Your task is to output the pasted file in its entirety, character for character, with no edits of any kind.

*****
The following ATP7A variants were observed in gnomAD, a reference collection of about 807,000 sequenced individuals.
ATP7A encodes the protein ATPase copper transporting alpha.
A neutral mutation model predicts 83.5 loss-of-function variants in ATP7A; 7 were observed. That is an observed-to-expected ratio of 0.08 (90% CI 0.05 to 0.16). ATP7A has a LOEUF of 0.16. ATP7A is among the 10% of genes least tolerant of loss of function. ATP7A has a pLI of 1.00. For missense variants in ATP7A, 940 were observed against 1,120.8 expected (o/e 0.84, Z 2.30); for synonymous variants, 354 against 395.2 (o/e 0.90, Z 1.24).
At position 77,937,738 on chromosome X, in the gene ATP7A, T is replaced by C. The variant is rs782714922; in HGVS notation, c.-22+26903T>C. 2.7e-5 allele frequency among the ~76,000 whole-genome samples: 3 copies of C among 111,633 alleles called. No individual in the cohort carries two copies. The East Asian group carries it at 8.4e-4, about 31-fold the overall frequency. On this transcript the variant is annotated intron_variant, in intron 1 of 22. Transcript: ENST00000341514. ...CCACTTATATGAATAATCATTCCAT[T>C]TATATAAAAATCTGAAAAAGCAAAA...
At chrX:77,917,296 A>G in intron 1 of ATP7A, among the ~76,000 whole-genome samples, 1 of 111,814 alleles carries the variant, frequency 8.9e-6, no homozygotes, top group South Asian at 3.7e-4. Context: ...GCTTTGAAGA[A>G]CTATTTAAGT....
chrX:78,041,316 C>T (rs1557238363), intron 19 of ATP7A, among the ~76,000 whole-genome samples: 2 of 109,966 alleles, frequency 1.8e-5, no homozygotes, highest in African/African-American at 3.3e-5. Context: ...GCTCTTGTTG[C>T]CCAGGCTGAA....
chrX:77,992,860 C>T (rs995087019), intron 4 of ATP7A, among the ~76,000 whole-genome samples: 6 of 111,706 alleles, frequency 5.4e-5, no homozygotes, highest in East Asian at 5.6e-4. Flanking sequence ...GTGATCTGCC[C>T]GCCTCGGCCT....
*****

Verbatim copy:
The following ATP7A variants were observed in gnomAD, a reference collection of about 807,000 sequenced individuals.
ATP7A encodes the protein ATPase copper transporting alpha.
A neutral mutation model predicts 83.5 loss-of-function variants in ATP7A; 7 were observed. That is an observed-to-expected ratio of 0.08 (90% CI 0.05 to 0.16). ATP7A has a LOEUF of 0.16. ATP7A is among the 10% of genes least tolerant of loss of function. ATP7A has a pLI of 1.00. For missense variants in ATP7A, 940 were observed against 1,120.8 expected (o/e 0.84, Z 2.30); for synonymous variants, 354 against 395.2 (o/e 0.90, Z 1.24).
At position 77,937,738 on chromosome X, in the gene ATP7A, T is replaced by C. The variant is rs782714922; in HGVS notation, c.-22+26903T>C. 2.7e-5 allele frequency among the ~76,000 whole-genome samples: 3 copies of C among 111,633 alleles called. No individual in the cohort carries two copies. The East Asian group carries it at 8.4e-4, about 31-fold the overall frequency. On this transcript the variant is annotated intron_variant, in intron 1 of 22. Transcript: ENST00000341514. ...CCACTTATATGAATAATCATTCCAT[T>C]TATATAAAAATCTGAAAAAGCAAAA...
At chrX:77,917,296 A>G in intron 1 of ATP7A, among the ~76,000 whole-genome samples, 1 of 111,814 alleles carries the variant, frequency 8.9e-6, no homozygotes, top group South Asian at 3.7e-4. Context: ...GCTTTGAAGA[A>G]CTATTTAAGT....
chrX:78,041,316 C>T (rs1557238363), intron 19 of ATP7A, among the ~76,000 whole-genome samples: 2 of 109,966 alleles, frequency 1.8e-5, no homozygotes, highest in African/African-American at 3.3e-5. Context: ...GCTCTTGTTG[C>T]CCAGGCTGAA....
chrX:77,992,860 C>T (rs995087019), intron 4 of ATP7A, among the ~76,000 whole-genome samples: 6 of 111,706 alleles, frequency 5.4e-5, no homozygotes, highest in East Asian at 5.6e-4. Flanking sequence ...GTGATCTGCC[C>T]GCCTCGGCCT....